The transaction gives Uranium One exclusive rights to negotiate the purchase of ARMZ’s 50 percent in the Akbastau uranium project, which is in pilot production and is adjacent to the Karatau uranium mine. “This gives us a chance to increase our economies of scale in Kazakhtan. The mines are close together, which makes it easier for us to manage our assets,” [Jean] Nortier [Uranium One CEO] said.
The purchase agreement gives ARMZ 117 million common shares of Uranium One [17% ownership stake by Russia] and a cash payment of $90 million.
On June 10,  Paul Lewis Clarke, Senior Vice President of Uranium One, told Energy Officer that he is concerned that the Prosecutor General’s investigation of Dzhakishev will call into question the legitimacy of the company’s mining licenses at the Akdala, South Inkai, and Kharasan mines. These licenses were obtained from Kazatomprom by offshore companies that sold them to UrAsia Energy [Frank Giustra’s company], which Uranium One acquired in 2007.
“We want something more than a statement to the press,” said Clarke. “We need official confirmation, in writing, from Shkolnik or Samruk-Kazyna, that these licenses are still valid.” Clarke, who warned Energy Officer that “our conversation is being monitored,” noted that Uranium One’s transactions were approved by many of the same people still in power, including Minister of Defense Daniel Akhmetov, who was then Prime Minister, and Kazatomprom president Shkolnik, then the Minister of Energy and Mineral Resources.
In June 2010, Uranium One acquired 50% and 49% respective interests in southern Kazakhstan-based Akbastau and Zarechnoye uranium mines from ARMZ (Russia).
In exchange, ARMZ (Russia) increased its stake in Uranium One from 17% to 51%. This required approval from the Committee on Foreign Investment in the United States (CFIUS).
In January 2013, ARMZ (Russia) took complete control of Uranium One in a transaction which was again approved by the Committee on Foreign Investment in the United States.
For a more detailed examination of the entire sequences of events see this illuminating 2015 article from the New York Times, Cash Flowed to Clinton Foundation Amidst Russian Uranium Deal.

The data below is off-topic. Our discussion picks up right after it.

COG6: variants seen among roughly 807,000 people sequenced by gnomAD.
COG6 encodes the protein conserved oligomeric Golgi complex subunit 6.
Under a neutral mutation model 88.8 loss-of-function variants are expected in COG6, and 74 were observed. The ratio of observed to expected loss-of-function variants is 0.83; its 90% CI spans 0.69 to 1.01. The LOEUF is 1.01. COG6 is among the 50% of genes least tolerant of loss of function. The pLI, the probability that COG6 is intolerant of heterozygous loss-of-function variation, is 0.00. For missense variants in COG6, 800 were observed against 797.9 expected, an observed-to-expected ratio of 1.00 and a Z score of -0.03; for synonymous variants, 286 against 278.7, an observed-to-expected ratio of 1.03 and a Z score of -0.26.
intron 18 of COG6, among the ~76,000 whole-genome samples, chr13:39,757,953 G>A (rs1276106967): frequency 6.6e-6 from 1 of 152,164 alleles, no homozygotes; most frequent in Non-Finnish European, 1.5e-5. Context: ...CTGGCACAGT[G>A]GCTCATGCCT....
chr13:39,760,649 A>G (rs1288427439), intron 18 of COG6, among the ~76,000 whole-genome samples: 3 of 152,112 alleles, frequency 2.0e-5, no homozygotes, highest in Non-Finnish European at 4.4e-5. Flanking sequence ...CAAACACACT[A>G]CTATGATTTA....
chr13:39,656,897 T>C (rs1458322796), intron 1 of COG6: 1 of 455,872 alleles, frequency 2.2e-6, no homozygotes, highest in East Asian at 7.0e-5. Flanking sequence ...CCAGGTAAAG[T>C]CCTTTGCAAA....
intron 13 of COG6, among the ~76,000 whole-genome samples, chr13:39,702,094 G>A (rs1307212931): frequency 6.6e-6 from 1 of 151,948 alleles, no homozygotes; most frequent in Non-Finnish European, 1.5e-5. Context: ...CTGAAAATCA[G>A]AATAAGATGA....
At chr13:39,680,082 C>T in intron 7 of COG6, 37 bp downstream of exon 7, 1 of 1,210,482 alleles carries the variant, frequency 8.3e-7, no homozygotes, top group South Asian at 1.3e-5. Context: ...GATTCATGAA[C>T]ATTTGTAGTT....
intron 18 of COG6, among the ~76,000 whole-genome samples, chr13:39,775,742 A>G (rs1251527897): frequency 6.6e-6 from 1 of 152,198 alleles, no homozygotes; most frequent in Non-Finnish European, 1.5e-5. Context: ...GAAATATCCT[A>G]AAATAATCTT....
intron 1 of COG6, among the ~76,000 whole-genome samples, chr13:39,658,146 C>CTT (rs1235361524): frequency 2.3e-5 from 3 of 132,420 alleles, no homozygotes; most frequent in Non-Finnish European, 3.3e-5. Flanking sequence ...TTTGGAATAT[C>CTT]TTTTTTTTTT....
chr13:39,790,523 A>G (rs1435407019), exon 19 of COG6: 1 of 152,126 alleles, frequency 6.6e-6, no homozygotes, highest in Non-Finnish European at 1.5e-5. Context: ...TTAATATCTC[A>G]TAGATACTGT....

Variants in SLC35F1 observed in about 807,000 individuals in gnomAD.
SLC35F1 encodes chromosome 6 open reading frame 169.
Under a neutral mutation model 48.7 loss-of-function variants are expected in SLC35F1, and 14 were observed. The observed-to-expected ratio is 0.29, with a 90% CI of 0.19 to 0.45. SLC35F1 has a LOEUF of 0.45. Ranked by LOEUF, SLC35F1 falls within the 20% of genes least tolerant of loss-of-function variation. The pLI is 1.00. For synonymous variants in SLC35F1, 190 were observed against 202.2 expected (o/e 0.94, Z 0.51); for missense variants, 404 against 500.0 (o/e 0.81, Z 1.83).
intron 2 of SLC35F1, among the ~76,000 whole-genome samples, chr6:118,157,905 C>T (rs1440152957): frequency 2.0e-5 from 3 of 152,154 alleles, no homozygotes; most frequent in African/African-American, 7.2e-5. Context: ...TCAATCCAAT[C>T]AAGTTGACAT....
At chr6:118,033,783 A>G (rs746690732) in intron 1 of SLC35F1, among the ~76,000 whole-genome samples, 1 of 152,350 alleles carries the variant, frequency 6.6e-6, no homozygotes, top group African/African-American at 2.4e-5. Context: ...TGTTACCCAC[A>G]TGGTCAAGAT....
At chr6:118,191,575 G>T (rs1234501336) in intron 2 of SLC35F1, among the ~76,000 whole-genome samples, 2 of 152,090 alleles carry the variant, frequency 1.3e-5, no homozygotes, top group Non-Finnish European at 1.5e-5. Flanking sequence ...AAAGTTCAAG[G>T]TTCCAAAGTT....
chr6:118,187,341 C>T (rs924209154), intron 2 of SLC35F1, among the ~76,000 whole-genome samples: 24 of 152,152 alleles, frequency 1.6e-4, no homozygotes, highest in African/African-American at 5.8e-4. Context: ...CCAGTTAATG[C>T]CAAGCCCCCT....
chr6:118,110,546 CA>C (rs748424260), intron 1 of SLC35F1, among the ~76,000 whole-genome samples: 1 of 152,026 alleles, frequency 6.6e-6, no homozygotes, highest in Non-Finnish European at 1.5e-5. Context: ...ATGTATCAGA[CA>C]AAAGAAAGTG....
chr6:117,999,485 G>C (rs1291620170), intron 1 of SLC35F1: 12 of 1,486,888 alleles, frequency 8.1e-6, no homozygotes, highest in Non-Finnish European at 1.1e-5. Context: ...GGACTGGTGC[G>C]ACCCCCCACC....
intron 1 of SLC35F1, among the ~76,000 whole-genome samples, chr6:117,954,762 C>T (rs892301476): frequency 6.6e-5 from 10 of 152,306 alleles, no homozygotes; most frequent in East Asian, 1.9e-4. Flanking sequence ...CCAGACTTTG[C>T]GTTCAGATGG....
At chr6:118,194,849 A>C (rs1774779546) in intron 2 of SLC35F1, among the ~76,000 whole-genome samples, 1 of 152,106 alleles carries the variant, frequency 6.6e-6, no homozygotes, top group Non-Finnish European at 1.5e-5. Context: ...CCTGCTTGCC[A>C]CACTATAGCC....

While the above transactions were taking place, the following activities were occurring in Washington. From Circa:
Fifteen months before the 13 members of the Committee on Foreign Investment in the United States, known as CFIUS, approved the sale of the Canadian company Uranium One to Russia’s nuclear arm giant Rosatom, the FBI began investigating persons who were connected to the Russian state corporation. The FBI said in court documents and in interviews conducted by Circa that by 2010 they had gathered enough evidence to prove that Rosatom-connected officials were engaged in a global bribery schedule that included kickbacks and money laundering. FBI officials said the investigation could have prevented the sale of Uranium One, which controlled 20 percent of U.S. uranium supply under U.S. law.
Fast forward to yesterday.
It started so simply:
— Katica (@GOPPollAnalyst) November 3, 2017
Why did the FBI send a Preservation and Records Request to the Nuclear Regulatory Commission (NRC) for Hillary Clinton’s Email Investigation?
?? #UraniumOne ?? 🤔
— Katica (@GOPPollAnalyst) November 3, 2017
There was another Preservation and Records Request to the Nuclear Regulatory Commission (NRC) etc for Hillary Clinton’s FBI Email Investigation.
— Katica (@GOPPollAnalyst) November 3, 2017
Which led to this:
— TheLastRefuge (@TheLastRefuge2) November 3, 2017
From Conservative Treehouse’s article, Uranium One: Previously Undiscovered FOIA Documents Could Be Game-Changer in Investigation:
What is interesting about the preservation request(s) are the recipients, their attachment to CFIUS (Committee on Foreign Investment in the United States), and the timeline of events surrounding the agent’s notification.
Sometime around August 3rd, 2015, we discovered the FBI inquiry was actually a “criminal probe“. [USA Today August 4th] – [Washington Post August 3rd] – [New York Post, August 5th, 2015] The media reporting in early August of 2015 showed the FBI investigation was actually a criminal probe. The dates here are important.
Later confirmation of a criminal probe into the Clinton Foundation came from Bret Baier.
The discovery by Katica shows that on August 28th, 2015, an FBI special agent sent a notification to preserve records to: •Nuclear Regulatory Commission; •The U.S. Dept. of Treasury; •Office of Director of National Intelligence (ODNI James Clapper); •The National Counter Terrorism Center; and the •U.S. Department of Energy (DoE).